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Patellofemoral Instability: Evaluation and Management

Boden, Barry P. MD; Pearsall, Albert W. MD; Garrett, William E. Jr MD, PhD; Feagin, John A. Jr MD

Journal of the American Academy of Orthopaedic Surgeons: January/February 1997 - Volume 5 - Issue 1 - p 47–57
Article

Patellofemoral disorders are a common cause of knee pain and disability. A thorough history and a careful physical examination are essential to accurate diagnosis, and imaging modalities play an important role. Magnetic resonance imaging can provide information on malalignment and soft‐tissue injuries. Although there is a continuum of diagnoses, most patellofemoral disorders can be divided into three distinct categories: soft‐tissue abnormalities, patellar instability due to subluxation and dislocation, and patellofemoral arthritis. Many patellofemoral disorders respond to nonoperative therapy. When surgical intervention is necessary, patellar tilt can be successfully treated by a lateral release. Lateral patellar subluxation associated with malalignment can be corrected by a distal realignment procedure such as the anteromedial tibial tubercle transfer. Repair of the medial patellofemoral ligament in cases of patellar dislocation has considerably lowered the incidence of recurrent instability. Although no ideal treatment exists for patellofemoral arthritis, mechanical symptoms may be alleviated by arthroscopic debridement of delamination lesions. Articular cartilagewear disorders may be stabilized by addressing the primary causative disorder.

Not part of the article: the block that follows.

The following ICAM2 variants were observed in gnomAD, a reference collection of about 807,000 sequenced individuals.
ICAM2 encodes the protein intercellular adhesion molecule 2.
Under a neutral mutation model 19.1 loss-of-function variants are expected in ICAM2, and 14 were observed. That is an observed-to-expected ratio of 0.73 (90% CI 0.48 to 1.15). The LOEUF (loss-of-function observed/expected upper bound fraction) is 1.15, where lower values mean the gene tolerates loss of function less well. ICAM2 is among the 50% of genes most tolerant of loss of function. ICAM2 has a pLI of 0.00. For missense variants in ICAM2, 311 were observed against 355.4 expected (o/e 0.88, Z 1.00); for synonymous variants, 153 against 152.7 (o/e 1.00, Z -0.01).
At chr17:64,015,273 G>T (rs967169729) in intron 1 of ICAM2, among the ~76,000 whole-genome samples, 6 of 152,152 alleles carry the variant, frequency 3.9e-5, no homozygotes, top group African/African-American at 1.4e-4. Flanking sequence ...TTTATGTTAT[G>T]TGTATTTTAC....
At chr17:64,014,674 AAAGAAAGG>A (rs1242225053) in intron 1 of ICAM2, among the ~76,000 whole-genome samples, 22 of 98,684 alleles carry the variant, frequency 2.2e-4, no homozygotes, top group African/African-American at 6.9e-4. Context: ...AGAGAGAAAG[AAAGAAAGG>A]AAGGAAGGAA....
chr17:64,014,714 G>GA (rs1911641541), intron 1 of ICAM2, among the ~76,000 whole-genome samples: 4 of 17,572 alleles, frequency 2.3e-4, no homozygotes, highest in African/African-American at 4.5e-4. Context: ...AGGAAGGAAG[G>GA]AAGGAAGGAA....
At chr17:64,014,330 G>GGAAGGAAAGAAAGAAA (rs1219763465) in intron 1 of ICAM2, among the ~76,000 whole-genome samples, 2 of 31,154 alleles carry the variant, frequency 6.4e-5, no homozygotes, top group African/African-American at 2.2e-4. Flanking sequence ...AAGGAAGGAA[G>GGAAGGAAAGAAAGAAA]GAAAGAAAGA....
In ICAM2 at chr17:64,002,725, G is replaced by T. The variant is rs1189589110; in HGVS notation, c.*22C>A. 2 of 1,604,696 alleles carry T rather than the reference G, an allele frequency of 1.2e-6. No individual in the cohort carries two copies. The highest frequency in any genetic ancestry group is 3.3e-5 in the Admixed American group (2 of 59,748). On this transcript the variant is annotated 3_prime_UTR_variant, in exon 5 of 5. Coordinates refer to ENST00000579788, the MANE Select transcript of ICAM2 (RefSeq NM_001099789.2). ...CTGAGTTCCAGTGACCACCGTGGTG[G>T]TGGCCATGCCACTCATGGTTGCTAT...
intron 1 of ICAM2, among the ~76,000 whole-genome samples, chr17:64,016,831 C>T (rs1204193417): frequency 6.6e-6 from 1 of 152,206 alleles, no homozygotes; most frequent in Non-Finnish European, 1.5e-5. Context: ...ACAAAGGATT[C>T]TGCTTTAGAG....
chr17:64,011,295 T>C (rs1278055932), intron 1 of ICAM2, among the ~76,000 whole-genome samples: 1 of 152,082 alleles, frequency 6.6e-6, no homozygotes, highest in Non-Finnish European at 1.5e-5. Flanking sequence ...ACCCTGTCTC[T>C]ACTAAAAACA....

Dr. Boden was Instructor, Department of Orthopaedics, Duke University Medical Center, Durham, NC, at the time of this writing. Dr. Pearsall is Instructor, Department of Orthopaedics, Duke University Medical Center. Dr. Garrett is Professor, Department of Orthopaedics, Duke University Medical Center. Dr. Feagin is Associate Professor, Department of Orthopaedics, Duke University Medical Center.

Reprint requests: Dr. Boden, Greater Washington Orthopaedic Group, 2101 Medical Park Drive, Suite 305, Silver Spring, MD 20902.

© 1997 by American Academy of Orthopaedic Surgeons
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